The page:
In a newly published paper titled “Detection of a Supervoid aligned with the Cold Spot in the Cosmic Microwave Background”, astronomers looked at the distribution of galaxies in the direction of the well-established Cold Spot. The supervoid core redshift distance is in the range z = 0.15 to z = 0.25, corresponding to a distance of roughly 2 to 3 billion light-years from Earth.

They find a reduction in galaxy density of about 20%, and of dark matter around 14%, in the supervoid, relative to the overall average density values in the universe. The significance of the detection is high, around 5 standard deviations. The center of the low density region is well aligned with the position of the Cold Spot in the galactic Southern Hemisphere.

Both the existence of this supervoid and its alignment with the Cold Spot are highly significant. The chance of the two being closely aligned to this degree is calculated as just 1 chance in 20,000. The image below is Figure 2 from the authors’ paper and maps the density of galaxies in the left panel and the temperature differential of the microwave background radiation in the right panel. The white dot in the middle of each panel marks the center of the Cold Spot in the cosmic microwave background.


A lower density of galaxies is indicated by a blue color in the left panel. Red and orange colors denote a higher density of galaxies. The right panel shows slightly lower temperature of the cosmic microwave background in blue, and slightly higher temperature in red.

The authors have calculated the expected temperature reduction due to the supervoid; using a first-order model it is about 20 microKelvins. While this is not sufficient to explain the entire Cold Spot temperature decrease, it is a significant portion of the overall 70 microKelvin reduction.

Dark Energy is gradually smearing out the distinction between superclusters and supervoids. Dark Energy has come to dominate the universe’s mass-energy balance fairly recently, since about 5 billion years ago. If there is no change in the Dark Energy density, over many billions of years it will push all the galaxies so far apart from one another that no other galaxies will be detectable from our Milky Way.


I. Szapudi et al, 2015 M.N.R.A.S., Volume 450, Issue 1, p. 288, “Detection of a supervoid aligned with the cold spot of the cosmic microwave background” –

S. Perrenod and M. Lesser, 1980, P.A.S.P. 91:764, “A Redshift Survey of a High-Multiplicity Supercluster”


Planck Mission Full Results Confirm Canonical Cosmology Model

Dark Matter, Dark Energy values refined

The Planck satellite, launched by the European Space Agency, made observations of the cosmic microwave background (CMB) for a little over 4 years, beginning in August, 2009 until October, 2013.

Preliminary results based on only the data obtained over the first year and a quarter of operation, and released in 2013, established high confidence in the canonical cosmological model. This ΛCDM (Lambda-Cold Dark Matter) model is of a topologically flat universe, initiated in an inflationary Big Bang some 13.8 billion years ago and dominated by dark energy (the Λ component), and secondarily by cold dark matter (CDM). Ordinary matter, of which stars, planets and human beings are composed, is the third most important component from a mass-energy standpoint. The amount of dark energy is over twice the mass-energy equivalent of all matter combined, and the dark matter is well in excess of the ordinary matter component.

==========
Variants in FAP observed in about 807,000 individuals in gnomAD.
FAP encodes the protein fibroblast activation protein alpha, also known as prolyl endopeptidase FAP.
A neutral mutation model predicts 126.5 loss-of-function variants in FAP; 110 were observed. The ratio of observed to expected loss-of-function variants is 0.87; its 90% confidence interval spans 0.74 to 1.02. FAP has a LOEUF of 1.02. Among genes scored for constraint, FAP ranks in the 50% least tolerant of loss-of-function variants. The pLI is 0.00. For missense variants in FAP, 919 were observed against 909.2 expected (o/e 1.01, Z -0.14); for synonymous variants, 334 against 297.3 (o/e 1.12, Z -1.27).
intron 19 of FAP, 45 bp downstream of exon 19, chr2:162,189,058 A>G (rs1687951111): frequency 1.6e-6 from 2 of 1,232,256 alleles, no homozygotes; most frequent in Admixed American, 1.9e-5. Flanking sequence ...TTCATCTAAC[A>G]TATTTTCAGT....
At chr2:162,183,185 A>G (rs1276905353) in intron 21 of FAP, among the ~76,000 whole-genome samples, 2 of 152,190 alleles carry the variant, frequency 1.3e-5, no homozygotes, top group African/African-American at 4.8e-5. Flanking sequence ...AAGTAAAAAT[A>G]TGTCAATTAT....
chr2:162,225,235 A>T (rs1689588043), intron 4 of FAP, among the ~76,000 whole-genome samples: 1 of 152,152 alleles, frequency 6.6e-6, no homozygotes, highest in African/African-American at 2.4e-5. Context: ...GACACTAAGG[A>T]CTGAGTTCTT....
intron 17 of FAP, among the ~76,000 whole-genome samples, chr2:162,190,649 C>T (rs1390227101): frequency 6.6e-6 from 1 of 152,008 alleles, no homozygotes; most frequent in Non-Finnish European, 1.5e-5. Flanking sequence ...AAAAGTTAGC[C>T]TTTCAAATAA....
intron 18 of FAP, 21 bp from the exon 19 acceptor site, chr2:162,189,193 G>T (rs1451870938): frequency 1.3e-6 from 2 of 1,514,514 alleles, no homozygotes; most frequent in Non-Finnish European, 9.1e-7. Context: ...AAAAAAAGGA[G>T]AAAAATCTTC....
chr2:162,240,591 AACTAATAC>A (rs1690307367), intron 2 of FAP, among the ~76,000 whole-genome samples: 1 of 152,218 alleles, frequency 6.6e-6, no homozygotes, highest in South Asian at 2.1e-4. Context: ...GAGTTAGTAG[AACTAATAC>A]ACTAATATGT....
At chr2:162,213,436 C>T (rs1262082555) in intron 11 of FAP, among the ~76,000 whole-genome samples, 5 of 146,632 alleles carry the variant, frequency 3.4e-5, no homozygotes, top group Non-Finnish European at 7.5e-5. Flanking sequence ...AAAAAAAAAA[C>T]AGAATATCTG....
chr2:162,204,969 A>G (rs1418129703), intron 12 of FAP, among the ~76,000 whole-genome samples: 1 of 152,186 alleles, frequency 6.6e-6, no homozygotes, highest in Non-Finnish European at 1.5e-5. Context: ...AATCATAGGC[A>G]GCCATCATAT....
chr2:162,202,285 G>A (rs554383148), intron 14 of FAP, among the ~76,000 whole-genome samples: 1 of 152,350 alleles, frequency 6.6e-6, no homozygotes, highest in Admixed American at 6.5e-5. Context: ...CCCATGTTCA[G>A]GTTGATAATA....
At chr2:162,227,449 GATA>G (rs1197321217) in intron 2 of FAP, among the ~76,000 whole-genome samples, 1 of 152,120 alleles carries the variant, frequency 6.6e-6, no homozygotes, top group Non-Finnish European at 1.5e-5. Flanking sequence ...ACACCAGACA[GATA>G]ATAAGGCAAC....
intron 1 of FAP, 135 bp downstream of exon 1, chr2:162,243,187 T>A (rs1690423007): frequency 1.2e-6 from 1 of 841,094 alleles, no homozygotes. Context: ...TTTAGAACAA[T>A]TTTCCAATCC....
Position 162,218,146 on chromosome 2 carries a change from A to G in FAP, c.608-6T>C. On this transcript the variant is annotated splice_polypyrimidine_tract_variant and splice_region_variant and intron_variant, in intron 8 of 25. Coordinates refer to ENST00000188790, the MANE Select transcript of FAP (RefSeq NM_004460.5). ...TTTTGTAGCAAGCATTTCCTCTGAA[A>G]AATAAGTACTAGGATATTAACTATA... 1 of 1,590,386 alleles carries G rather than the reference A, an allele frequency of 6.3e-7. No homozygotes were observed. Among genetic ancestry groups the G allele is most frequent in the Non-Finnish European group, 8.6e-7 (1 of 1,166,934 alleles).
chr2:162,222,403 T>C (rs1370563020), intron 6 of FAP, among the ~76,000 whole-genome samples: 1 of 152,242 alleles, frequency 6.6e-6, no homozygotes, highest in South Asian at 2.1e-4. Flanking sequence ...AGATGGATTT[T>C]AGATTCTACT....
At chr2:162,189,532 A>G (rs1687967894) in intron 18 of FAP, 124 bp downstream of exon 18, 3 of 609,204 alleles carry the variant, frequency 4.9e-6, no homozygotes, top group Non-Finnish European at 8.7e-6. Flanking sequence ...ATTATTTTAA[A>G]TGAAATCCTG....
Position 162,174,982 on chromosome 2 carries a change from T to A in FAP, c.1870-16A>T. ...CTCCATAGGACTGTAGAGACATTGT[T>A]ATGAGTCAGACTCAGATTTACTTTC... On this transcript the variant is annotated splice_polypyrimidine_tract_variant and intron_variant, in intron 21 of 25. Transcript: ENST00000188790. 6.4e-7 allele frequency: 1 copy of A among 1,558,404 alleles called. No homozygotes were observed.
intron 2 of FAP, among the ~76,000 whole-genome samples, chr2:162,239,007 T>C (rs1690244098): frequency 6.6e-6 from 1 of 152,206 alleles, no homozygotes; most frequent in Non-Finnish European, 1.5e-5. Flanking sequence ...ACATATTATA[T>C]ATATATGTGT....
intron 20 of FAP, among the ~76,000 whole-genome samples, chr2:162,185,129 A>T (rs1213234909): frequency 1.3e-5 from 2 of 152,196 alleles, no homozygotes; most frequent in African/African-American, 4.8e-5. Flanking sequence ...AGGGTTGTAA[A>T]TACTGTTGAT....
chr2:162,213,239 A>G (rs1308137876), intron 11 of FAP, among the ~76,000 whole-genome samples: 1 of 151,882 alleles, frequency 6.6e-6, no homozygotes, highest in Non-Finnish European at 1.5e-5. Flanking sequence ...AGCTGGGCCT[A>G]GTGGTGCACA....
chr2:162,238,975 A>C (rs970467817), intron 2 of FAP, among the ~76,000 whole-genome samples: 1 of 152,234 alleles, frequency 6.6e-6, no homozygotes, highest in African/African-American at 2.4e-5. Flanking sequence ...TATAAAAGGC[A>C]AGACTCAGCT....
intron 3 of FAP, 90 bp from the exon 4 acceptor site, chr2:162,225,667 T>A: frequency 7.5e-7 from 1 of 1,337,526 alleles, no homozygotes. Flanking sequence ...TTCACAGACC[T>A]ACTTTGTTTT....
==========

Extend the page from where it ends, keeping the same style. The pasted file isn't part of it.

This general model had been well-established by the Wilkinson Microwave Anisotropy Probe (WMAP), but the Planck results have provided much greater sensitivity and confidence in the results.

Now a series of 28 papers have been released by the Planck Consortium detailing results from the entire mission, with over three times as much data gathered. The first paper in the series, Planck 2015 Results I, provides an overview of these results. Papers XIII and XIV detail the cosmological parameters measured and the findings on dark energy, while several additional papers examine potential departures from a canonical cosmological model and constraints on inflationary models.

In particular they find that:

Ωb*h²  = .02226 to within 1%.

In this expression Ωb is the baryon (basically ordinary matter) mass-energy fraction (fraction of total-mass energy in ordinary matter) and h = H0/100. H0 is the Hubble constant which measures the expansion rate of the universe, and indirectly, its age. The best value for H0 is 67.8 kilometers/sec/Megaparsec  (millions of parsecs, where 1 parsec = 3.26 light-years). H0 has an uncertainty of about 1.3% (two standard deviations). In this case h = .678 and the expression above becomes:

Ωb = .048, with uncertainty around 3% of its value. Thus, just under 5% of the mass-energy density in the universe is in ordinary matter.

The cold matter density is measured to be: